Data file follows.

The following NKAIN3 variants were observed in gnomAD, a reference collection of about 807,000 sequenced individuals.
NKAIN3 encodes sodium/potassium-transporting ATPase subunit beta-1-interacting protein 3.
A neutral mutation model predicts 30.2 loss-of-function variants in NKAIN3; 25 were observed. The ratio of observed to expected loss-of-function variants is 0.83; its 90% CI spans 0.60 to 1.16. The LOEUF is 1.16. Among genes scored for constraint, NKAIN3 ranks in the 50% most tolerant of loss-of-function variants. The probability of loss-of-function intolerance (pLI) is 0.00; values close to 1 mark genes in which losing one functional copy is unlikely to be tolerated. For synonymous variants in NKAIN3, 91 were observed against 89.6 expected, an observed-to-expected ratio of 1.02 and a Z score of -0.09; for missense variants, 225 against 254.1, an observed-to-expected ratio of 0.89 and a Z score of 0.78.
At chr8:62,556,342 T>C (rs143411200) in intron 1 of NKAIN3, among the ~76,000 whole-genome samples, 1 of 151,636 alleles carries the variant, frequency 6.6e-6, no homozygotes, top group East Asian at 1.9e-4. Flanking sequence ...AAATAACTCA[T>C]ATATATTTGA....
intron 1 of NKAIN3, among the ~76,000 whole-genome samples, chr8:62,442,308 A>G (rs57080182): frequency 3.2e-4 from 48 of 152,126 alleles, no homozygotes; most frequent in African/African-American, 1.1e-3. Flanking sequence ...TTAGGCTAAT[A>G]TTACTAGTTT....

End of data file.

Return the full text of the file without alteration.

The following NKAIN3 variants were observed in gnomAD, a reference collection of about 807,000 sequenced individuals.
NKAIN3 encodes sodium/potassium-transporting ATPase subunit beta-1-interacting protein 3.
A neutral mutation model predicts 30.2 loss-of-function variants in NKAIN3; 25 were observed. The ratio of observed to expected loss-of-function variants is 0.83; its 90% CI spans 0.60 to 1.16. The LOEUF is 1.16. Among genes scored for constraint, NKAIN3 ranks in the 50% most tolerant of loss-of-function variants. The probability of loss-of-function intolerance (pLI) is 0.00; values close to 1 mark genes in which losing one functional copy is unlikely to be tolerated. For synonymous variants in NKAIN3, 91 were observed against 89.6 expected, an observed-to-expected ratio of 1.02 and a Z score of -0.09; for missense variants, 225 against 254.1, an observed-to-expected ratio of 0.89 and a Z score of 0.78.
At chr8:62,556,342 T>C (rs143411200) in intron 1 of NKAIN3, among the ~76,000 whole-genome samples, 1 of 151,636 alleles carries the variant, frequency 6.6e-6, no homozygotes, top group East Asian at 1.9e-4. Flanking sequence ...AAATAACTCA[T>C]ATATATTTGA....
intron 1 of NKAIN3, among the ~76,000 whole-genome samples, chr8:62,442,308 A>G (rs57080182): frequency 3.2e-4 from 48 of 152,126 alleles, no homozygotes; most frequent in African/African-American, 1.1e-3. Flanking sequence ...TTAGGCTAAT[A>G]TTACTAGTTT....